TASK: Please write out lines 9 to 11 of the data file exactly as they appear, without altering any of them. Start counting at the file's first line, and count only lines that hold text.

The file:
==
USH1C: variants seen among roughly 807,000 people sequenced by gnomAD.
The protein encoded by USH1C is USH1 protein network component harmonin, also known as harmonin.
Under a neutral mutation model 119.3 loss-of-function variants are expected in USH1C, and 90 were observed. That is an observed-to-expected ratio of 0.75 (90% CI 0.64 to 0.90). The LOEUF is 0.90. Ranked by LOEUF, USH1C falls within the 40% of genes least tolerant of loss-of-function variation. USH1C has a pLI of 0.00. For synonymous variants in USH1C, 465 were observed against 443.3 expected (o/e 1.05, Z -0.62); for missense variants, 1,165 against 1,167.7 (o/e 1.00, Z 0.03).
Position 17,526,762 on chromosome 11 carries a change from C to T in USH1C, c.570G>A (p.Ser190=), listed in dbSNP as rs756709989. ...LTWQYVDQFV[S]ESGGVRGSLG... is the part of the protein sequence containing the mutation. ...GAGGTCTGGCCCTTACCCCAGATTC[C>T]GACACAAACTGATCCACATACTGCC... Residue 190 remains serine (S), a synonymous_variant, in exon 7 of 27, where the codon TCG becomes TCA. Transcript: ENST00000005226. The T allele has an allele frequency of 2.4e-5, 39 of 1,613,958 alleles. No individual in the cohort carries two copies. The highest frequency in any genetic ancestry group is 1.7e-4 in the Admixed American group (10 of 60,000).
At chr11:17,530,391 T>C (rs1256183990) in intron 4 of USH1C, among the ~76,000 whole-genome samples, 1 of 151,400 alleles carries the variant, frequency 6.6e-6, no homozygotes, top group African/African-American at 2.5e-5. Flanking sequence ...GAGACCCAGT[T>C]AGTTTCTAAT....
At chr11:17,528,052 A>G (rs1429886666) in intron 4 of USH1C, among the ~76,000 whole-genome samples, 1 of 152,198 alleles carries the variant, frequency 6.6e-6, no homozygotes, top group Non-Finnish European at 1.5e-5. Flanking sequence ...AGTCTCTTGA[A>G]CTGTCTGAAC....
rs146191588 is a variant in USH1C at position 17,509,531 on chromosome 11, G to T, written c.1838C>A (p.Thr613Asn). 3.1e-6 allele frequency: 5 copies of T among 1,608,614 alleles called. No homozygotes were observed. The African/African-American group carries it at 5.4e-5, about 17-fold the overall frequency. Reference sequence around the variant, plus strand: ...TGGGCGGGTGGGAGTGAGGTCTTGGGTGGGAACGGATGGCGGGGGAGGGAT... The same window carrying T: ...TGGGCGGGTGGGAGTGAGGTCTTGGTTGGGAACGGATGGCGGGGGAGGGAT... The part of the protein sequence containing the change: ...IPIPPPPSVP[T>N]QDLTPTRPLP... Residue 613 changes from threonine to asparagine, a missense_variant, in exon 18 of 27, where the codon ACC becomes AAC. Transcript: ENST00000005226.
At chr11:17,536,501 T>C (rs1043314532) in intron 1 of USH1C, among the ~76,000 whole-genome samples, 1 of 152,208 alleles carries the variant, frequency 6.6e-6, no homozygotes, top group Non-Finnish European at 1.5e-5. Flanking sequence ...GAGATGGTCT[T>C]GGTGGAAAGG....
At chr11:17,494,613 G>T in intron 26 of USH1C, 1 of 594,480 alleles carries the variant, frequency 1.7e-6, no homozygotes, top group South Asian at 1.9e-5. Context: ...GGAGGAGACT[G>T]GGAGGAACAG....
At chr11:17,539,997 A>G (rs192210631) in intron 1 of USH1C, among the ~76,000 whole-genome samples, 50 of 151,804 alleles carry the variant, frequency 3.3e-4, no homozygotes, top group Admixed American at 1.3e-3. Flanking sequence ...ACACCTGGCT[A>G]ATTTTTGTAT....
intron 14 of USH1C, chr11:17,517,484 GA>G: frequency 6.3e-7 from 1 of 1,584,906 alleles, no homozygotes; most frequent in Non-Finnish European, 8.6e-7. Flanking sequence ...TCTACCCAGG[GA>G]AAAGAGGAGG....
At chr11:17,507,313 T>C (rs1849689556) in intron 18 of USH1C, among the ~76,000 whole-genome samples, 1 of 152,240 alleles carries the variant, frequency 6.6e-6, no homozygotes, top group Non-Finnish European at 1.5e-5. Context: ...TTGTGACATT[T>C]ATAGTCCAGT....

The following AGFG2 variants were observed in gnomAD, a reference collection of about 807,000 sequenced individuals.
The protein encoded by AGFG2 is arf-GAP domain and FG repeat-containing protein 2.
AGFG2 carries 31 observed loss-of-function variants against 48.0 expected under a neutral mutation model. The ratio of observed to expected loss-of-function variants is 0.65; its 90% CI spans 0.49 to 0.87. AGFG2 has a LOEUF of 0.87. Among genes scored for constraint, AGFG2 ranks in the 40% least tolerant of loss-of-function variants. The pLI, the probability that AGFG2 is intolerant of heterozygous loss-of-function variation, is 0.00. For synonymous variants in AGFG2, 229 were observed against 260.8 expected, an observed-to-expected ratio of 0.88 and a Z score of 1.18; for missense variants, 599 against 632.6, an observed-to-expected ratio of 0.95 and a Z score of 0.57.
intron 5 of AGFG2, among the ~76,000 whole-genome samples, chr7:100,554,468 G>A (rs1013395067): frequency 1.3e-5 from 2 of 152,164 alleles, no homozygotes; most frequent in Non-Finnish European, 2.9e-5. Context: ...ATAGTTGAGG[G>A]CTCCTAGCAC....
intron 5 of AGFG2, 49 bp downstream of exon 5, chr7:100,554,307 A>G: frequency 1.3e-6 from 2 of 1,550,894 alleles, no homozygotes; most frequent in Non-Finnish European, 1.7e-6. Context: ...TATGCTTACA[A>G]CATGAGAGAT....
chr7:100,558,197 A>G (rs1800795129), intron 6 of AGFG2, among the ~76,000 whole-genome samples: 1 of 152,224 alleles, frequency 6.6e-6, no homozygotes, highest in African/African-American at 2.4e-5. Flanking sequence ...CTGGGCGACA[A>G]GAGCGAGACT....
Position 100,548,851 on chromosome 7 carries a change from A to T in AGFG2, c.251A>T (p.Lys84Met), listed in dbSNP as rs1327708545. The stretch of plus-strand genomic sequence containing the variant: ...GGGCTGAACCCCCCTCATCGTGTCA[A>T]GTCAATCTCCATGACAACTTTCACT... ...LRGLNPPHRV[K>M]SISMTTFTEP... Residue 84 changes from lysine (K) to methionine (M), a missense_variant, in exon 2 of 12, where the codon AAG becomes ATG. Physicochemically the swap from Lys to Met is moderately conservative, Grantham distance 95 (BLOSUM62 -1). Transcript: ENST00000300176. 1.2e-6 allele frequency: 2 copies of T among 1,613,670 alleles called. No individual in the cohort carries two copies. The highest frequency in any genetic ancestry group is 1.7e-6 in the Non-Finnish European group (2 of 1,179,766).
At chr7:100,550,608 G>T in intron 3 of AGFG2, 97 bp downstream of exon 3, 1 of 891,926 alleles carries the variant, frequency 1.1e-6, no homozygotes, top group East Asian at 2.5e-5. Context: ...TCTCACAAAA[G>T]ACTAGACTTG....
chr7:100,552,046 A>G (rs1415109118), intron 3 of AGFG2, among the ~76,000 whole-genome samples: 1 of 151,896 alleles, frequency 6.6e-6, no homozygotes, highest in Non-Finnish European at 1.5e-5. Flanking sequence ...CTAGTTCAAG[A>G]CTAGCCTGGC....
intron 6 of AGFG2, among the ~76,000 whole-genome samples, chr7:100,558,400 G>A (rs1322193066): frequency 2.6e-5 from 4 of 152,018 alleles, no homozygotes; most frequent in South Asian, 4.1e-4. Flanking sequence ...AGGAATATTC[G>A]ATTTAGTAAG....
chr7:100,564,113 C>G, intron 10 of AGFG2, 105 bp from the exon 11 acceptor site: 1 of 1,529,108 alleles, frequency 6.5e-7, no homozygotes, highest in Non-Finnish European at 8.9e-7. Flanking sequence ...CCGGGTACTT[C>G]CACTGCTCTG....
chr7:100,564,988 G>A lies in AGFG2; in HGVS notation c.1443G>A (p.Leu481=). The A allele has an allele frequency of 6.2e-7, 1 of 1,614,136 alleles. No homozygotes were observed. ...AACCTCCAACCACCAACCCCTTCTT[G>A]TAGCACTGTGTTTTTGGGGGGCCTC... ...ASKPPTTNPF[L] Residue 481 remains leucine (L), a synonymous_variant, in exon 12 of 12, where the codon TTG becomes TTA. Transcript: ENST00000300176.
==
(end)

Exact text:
At chr11:17,494,613 G>T in intron 26 of USH1C, 1 of 594,480 alleles carries the variant, frequency 1.7e-6, no homozygotes, top group South Asian at 1.9e-5. Context: ...GGAGGAGACT[G>T]GGAGGAACAG....
At chr11:17,539,997 A>G (rs192210631) in intron 1 of USH1C, among the ~76,000 whole-genome samples, 50 of 151,804 alleles carry the variant, frequency 3.3e-4, no homozygotes, top group Admixed American at 1.3e-3. Flanking sequence ...ACACCTGGCT[A>G]ATTTTTGTAT....
intron 14 of USH1C, chr11:17,517,484 GA>G: frequency 6.3e-7 from 1 of 1,584,906 alleles, no homozygotes; most frequent in Non-Finnish European, 8.6e-7. Flanking sequence ...TCTACCCAGG[GA>G]AAAGAGGAGG....